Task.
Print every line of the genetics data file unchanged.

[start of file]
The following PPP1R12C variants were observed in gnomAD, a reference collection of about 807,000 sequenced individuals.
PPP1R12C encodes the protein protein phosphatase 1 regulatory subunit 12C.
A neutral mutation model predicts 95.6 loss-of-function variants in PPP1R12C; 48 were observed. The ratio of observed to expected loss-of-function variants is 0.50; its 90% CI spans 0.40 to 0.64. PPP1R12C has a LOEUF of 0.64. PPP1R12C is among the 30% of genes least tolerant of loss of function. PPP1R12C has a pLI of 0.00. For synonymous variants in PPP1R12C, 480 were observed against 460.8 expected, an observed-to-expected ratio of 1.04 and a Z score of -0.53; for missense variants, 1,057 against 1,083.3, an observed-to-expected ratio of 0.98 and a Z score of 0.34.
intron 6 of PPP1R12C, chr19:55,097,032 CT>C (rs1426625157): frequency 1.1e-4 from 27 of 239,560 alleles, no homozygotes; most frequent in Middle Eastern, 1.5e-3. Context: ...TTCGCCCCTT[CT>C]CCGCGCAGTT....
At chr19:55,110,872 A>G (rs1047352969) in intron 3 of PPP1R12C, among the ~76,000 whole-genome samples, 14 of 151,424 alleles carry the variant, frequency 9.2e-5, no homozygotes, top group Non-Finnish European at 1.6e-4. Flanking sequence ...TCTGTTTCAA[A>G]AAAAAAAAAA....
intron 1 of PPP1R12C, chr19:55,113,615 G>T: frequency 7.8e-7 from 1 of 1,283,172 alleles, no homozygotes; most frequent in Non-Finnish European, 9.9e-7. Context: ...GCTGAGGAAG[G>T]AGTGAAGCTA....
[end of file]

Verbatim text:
The following PPP1R12C variants were observed in gnomAD, a reference collection of about 807,000 sequenced individuals.
PPP1R12C encodes the protein protein phosphatase 1 regulatory subunit 12C.
A neutral mutation model predicts 95.6 loss-of-function variants in PPP1R12C; 48 were observed. The ratio of observed to expected loss-of-function variants is 0.50; its 90% CI spans 0.40 to 0.64. PPP1R12C has a LOEUF of 0.64. PPP1R12C is among the 30% of genes least tolerant of loss of function. PPP1R12C has a pLI of 0.00. For synonymous variants in PPP1R12C, 480 were observed against 460.8 expected, an observed-to-expected ratio of 1.04 and a Z score of -0.53; for missense variants, 1,057 against 1,083.3, an observed-to-expected ratio of 0.98 and a Z score of 0.34.
intron 6 of PPP1R12C, chr19:55,097,032 CT>C (rs1426625157): frequency 1.1e-4 from 27 of 239,560 alleles, no homozygotes; most frequent in Middle Eastern, 1.5e-3. Context: ...TTCGCCCCTT[CT>C]CCGCGCAGTT....
At chr19:55,110,872 A>G (rs1047352969) in intron 3 of PPP1R12C, among the ~76,000 whole-genome samples, 14 of 151,424 alleles carry the variant, frequency 9.2e-5, no homozygotes, top group Non-Finnish European at 1.6e-4. Flanking sequence ...TCTGTTTCAA[A>G]AAAAAAAAAA....
intron 1 of PPP1R12C, chr19:55,113,615 G>T: frequency 7.8e-7 from 1 of 1,283,172 alleles, no homozygotes; most frequent in Non-Finnish European, 9.9e-7. Context: ...GCTGAGGAAG[G>T]AGTGAAGCTA....